Fourteen year old Evelyn Karis was a young leopard that shouldn’t even have been here. Still, it hadn’t even warranted the front page when she was pepper-sprayed, handcuffed and left in her room. Her asthma slowly killed her while the guards and wardens resolutely ignored her weak cries for help. In fact, it never made the local paper at all. It did, however, go to court. The wardens were deemed to have acted reasonably and the death was ruled an accident.
“I… you know Ian?” Nick said suddenly. “The big guy? Asshole who robbed a joint? He was tryin’ to start a fight. Had my shirt in his paw and shit. I told him to get fucked, and Captain Dickhead out there was upset that I said anything.”
“Nick… let’s talk about getting you out of here, alright?” Czejak sighed. “Have you thought about it?”
The kit fell silent, looking down at the desk for well over a minute.
“You said you would think about it.”
“I did!” the boy insisted immediately. “Shit! Get off my back. I know what I said.”
Czejak let the kit think about it some more, watching morosely as young Nick struggled with the idea. For most young furs, this would be a no-brainer. But for Nick? He knew the boy was trying to wrap his own mind around the fact that he was not going to be switching one nightmare for another. Sometimes, it was hard to truly make these sorts of realizations. To really accept it. To believe it.
Nick closed his eyes. “T-tell me more.”
“What would you like to know?”
“… Why are you doin’ this?” Nick demanded. “What’s special about this time? Why should I?”
Nodding, Czejak straightened in his chair. “I can’t give you any details…” He shrugged. “Best way I can put it is this: we want to see if a certain… type of fur is suited to helping you out.”
Nick frowned. “Certain type of fur?”
“That’s the big secret I’m afraid. You’ll find out eventually; but Nick, listen. I swear I’ve done all I can to make sure this is the best guy to look after you.”
“I don’t need anyone to look after me!”
“Nick…” the coyote shook his head. “He has a job, you don’t. He has a house, you don’t. He can feed you more than once a week… you can’t.”
The young cheetah once again fell silent, glowering.
“Here’s how it works. All you have to do is stay with this one guy- he lives alone, has a big house- for three weeks. If you like it, then you can stay longer. I’ll be checking on you occasionally too. The three-week minimum is only so you’ll at least give this a chance. That’s all.”
Nick looked right at him. “I could run away,” he said, his tone perfectly neutral. “Like I did before.”
“Not this time, Nick.” Czejak sighed. “I don’t think you’ll want to run away if you give this guy a chance. But they still count you as a run-away risk. You’ll be under electronically monitored house-arrest. We had to compromise in some way to get you out of here.”
The cheetah cub narrowed his eyes. “Wait… you mean I’ll have to wear-”
“Yes. An electronic tether. An ankle bracelet.”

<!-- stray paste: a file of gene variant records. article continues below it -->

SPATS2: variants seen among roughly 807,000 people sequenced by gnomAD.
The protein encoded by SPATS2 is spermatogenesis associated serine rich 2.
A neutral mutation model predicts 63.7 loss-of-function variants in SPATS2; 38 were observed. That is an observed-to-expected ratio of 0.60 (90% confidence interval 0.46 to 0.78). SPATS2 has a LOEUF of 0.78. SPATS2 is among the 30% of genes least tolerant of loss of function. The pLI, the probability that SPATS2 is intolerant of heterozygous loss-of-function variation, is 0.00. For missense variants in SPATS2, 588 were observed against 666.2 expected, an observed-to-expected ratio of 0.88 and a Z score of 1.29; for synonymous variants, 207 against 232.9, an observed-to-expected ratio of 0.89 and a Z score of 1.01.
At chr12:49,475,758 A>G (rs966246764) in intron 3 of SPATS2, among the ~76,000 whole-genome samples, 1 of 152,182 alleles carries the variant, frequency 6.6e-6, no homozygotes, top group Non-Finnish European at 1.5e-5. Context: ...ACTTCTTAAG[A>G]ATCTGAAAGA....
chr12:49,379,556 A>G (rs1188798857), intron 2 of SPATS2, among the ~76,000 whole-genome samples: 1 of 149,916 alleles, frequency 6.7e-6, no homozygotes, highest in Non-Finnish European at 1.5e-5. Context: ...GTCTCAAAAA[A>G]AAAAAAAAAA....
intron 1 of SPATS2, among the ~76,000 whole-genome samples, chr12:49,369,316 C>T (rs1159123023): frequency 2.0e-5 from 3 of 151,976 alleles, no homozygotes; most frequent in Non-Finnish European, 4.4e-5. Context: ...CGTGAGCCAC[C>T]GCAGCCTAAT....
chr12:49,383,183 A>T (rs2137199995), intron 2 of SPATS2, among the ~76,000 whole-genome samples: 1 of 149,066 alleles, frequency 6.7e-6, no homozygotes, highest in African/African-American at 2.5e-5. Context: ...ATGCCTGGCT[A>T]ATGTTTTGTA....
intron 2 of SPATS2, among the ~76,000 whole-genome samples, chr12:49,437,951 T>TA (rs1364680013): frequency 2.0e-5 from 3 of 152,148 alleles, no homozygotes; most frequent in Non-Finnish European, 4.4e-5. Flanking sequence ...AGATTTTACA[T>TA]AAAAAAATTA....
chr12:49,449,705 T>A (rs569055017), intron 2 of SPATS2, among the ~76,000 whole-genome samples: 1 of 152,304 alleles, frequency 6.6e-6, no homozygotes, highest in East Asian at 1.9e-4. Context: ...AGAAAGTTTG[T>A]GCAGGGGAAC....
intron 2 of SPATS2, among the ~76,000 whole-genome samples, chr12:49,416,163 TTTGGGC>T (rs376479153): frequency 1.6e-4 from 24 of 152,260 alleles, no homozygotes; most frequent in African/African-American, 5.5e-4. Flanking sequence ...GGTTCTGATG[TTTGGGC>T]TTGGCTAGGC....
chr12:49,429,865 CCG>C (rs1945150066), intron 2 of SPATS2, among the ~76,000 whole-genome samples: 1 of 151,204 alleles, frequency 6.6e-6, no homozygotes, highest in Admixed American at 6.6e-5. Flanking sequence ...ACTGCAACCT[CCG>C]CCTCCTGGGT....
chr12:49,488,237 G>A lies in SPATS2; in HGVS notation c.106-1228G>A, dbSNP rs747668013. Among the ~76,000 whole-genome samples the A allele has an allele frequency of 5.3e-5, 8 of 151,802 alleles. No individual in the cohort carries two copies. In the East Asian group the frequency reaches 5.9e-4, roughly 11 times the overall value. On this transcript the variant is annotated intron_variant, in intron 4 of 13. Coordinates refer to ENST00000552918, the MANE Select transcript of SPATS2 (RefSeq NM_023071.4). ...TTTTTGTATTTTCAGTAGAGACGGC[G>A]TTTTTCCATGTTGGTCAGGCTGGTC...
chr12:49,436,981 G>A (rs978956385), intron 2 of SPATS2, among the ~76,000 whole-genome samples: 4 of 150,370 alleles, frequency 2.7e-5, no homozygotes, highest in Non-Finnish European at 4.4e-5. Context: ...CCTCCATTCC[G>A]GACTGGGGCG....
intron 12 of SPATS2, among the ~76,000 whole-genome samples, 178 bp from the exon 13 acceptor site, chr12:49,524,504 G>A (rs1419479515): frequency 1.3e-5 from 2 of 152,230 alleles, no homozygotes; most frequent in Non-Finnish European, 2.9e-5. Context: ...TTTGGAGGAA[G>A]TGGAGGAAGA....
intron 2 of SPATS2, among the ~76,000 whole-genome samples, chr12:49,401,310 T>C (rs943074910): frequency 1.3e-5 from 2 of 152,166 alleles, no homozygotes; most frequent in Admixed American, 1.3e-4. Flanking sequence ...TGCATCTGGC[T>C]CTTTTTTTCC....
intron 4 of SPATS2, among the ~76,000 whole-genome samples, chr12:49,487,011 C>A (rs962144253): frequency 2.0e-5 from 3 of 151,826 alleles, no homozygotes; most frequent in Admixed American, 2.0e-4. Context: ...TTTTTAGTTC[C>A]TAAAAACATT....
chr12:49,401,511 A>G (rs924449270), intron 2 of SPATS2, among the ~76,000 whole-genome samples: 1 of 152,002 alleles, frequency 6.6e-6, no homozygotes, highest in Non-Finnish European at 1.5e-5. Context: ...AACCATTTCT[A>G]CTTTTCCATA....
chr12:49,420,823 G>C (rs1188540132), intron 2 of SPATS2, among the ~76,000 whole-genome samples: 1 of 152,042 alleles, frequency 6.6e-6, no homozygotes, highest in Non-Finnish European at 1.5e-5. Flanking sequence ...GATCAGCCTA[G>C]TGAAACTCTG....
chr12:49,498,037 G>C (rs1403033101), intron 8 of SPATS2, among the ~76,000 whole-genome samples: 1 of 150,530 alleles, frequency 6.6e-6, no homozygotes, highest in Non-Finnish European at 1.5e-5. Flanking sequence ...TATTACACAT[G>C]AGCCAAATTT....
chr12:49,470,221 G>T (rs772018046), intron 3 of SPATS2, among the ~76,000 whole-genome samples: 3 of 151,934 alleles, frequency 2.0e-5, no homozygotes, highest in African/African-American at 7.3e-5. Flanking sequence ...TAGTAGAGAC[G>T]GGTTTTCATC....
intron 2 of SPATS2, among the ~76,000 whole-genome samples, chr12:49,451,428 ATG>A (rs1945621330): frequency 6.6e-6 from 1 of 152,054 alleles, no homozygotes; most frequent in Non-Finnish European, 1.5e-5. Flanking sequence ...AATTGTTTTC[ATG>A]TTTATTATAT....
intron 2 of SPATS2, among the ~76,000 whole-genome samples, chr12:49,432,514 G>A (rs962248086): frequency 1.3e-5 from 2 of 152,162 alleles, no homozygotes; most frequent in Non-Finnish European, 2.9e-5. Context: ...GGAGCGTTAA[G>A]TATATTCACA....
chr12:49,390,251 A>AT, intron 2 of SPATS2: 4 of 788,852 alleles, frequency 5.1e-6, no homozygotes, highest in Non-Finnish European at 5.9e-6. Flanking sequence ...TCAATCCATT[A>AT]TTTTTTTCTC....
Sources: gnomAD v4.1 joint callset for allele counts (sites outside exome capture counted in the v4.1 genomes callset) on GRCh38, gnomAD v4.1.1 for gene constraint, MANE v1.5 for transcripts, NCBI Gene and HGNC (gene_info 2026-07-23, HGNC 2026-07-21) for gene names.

The kit swore. “No fucking way!” he said loudly, pushing away from the desk and getting to his foot-paws. “You’re not getting one of those fucking things on me!!”
“Why not?” Czejak asked, folding his arms.
“Because they fucking suck ass!”
“Nick, we both know that’s not an answer. Are you telling me you’d rather be wearing actual leg-irons than a plastic toy?”
The kit swore again. “Why do I need one?”
“Because you’ll run away without it.” The coyote popped open his flask and took a long drink. “Nick, all you have to do is put up with someone for three weeks and wear a bit of plastic for awhile and you’ll be out of this place. Yes, the thing will restrict your freedom, but you’re not exactly free here at the moment either.”
“Rraghh! Fuck you!” Nick growled, turning away furiously. The table jerked and there was a clanking sound as the slender chain attached to Nick’s ankle and the table-leg was pulled taut. The pair of them had almost forgotten it was there.
Czejak let him cool off for a few moments. The boy wasn’t really angry; not at his counselor – if he pushed the kit immediately, he knew Nick would just push back.
Minutes passed, and the coyote cleared his throat, reaching down for his briefcase. “Nick.”
The kit turned. To his surprise, the counselor was offering him a piece of paper, about the size of a postcard. Frowning, the cub took it; it was a photograph. “What is… is this the guy?”
Nick swallowed, feeling everything around his heart constrict. It was another cheetah.
The grownup was fairly cheerful looking, and he looked quite young. Not what he expected at all. His clothing was casual, and one of his ears was pierced with a neat little gold ear-ring.
But… another cheetah? Did it have to be?
“He was really interested, actually. In you, I mean.”
Nick blinked. “In me?” he said quietly. “…What did you tell him?”
“Just a little about your personality. Your past. Showed him a picture too. He’s excited about the idea.”